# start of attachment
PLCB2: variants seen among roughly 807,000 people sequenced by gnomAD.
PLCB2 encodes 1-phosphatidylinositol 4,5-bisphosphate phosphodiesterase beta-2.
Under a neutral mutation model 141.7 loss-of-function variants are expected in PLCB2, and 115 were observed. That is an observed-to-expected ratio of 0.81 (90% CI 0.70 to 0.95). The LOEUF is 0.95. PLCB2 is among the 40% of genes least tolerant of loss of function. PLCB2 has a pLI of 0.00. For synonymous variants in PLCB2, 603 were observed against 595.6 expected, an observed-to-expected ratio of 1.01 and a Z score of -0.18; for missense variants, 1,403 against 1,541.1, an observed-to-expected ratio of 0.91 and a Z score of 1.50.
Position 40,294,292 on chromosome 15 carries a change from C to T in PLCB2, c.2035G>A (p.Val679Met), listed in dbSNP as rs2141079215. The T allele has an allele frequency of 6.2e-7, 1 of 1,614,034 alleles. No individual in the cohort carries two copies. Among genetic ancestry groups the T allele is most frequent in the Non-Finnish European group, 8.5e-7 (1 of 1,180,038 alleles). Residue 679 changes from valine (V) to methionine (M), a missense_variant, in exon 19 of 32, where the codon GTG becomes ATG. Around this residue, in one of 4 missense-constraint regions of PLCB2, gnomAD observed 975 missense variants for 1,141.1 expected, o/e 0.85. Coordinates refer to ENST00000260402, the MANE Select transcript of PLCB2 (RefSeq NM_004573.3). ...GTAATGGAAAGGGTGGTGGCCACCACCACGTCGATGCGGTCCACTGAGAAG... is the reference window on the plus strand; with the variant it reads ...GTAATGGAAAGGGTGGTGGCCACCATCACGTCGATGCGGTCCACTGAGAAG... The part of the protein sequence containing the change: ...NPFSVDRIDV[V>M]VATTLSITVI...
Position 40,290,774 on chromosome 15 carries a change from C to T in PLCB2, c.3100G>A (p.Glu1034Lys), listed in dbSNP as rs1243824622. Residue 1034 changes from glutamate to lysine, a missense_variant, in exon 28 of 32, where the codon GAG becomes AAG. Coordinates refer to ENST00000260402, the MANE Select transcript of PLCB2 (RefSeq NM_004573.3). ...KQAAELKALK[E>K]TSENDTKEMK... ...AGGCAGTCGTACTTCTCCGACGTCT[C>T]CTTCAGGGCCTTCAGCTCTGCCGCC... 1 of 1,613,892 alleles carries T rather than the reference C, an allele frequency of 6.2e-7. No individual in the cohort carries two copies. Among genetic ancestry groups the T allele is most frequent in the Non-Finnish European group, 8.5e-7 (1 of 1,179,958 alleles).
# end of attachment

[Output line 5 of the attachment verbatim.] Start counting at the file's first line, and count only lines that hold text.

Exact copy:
Position 40,290,774 on chromosome 15 carries a change from C to T in PLCB2, c.3100G>A (p.Glu1034Lys), listed in dbSNP as rs1243824622. Residue 1034 changes from glutamate to lysine, a missense_variant, in exon 28 of 32, where the codon GAG becomes AAG. Coordinates refer to ENST00000260402, the MANE Select transcript of PLCB2 (RefSeq NM_004573.3). ...KQAAELKALK[E>K]TSENDTKEMK... ...AGGCAGTCGTACTTCTCCGACGTCT[C>T]CTTCAGGGCCTTCAGCTCTGCCGCC... 1 of 1,613,892 alleles carries T rather than the reference C, an allele frequency of 6.2e-7. No individual in the cohort carries two copies. Among genetic ancestry groups the T allele is most frequent in the Non-Finnish European group, 8.5e-7 (1 of 1,179,958 alleles).